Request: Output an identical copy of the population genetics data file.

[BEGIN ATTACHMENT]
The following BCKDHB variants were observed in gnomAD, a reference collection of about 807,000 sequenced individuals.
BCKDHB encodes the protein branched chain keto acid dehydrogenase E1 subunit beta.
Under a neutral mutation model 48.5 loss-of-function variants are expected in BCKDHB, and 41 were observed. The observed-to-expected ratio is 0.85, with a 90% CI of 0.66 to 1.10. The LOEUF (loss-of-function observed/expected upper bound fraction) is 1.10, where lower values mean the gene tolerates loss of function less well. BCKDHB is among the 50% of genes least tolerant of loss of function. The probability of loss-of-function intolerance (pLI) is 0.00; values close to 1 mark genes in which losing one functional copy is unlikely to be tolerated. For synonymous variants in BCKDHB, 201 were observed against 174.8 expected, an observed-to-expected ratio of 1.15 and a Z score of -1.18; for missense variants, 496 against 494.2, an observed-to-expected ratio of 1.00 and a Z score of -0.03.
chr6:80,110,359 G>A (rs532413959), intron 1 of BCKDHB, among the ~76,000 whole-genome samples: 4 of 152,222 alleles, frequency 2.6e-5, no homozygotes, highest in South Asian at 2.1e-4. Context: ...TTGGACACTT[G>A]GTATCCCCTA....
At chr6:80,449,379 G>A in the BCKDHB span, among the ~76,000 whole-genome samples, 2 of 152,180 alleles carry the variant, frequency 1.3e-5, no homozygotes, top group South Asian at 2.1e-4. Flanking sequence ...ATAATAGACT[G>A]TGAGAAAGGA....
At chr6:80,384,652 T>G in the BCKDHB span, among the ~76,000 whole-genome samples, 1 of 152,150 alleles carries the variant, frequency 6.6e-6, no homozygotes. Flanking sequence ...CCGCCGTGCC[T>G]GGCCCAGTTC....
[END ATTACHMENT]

The following BCKDHB variants were observed in gnomAD, a reference collection of about 807,000 sequenced individuals.
BCKDHB encodes the protein branched chain keto acid dehydrogenase E1 subunit beta.
Under a neutral mutation model 48.5 loss-of-function variants are expected in BCKDHB, and 41 were observed. The observed-to-expected ratio is 0.85, with a 90% CI of 0.66 to 1.10. The LOEUF (loss-of-function observed/expected upper bound fraction) is 1.10, where lower values mean the gene tolerates loss of function less well. BCKDHB is among the 50% of genes least tolerant of loss of function. The probability of loss-of-function intolerance (pLI) is 0.00; values close to 1 mark genes in which losing one functional copy is unlikely to be tolerated. For synonymous variants in BCKDHB, 201 were observed against 174.8 expected, an observed-to-expected ratio of 1.15 and a Z score of -1.18; for missense variants, 496 against 494.2, an observed-to-expected ratio of 1.00 and a Z score of -0.03.
chr6:80,110,359 G>A (rs532413959), intron 1 of BCKDHB, among the ~76,000 whole-genome samples: 4 of 152,222 alleles, frequency 2.6e-5, no homozygotes, highest in South Asian at 2.1e-4. Context: ...TTGGACACTT[G>A]GTATCCCCTA....
At chr6:80,449,379 G>A in the BCKDHB span, among the ~76,000 whole-genome samples, 2 of 152,180 alleles carry the variant, frequency 1.3e-5, no homozygotes, top group South Asian at 2.1e-4. Flanking sequence ...ATAATAGACT[G>A]TGAGAAAGGA....
At chr6:80,384,652 T>G in the BCKDHB span, among the ~76,000 whole-genome samples, 1 of 152,150 alleles carries the variant, frequency 6.6e-6, no homozygotes. Flanking sequence ...CCGCCGTGCC[T>G]GGCCCAGTTC....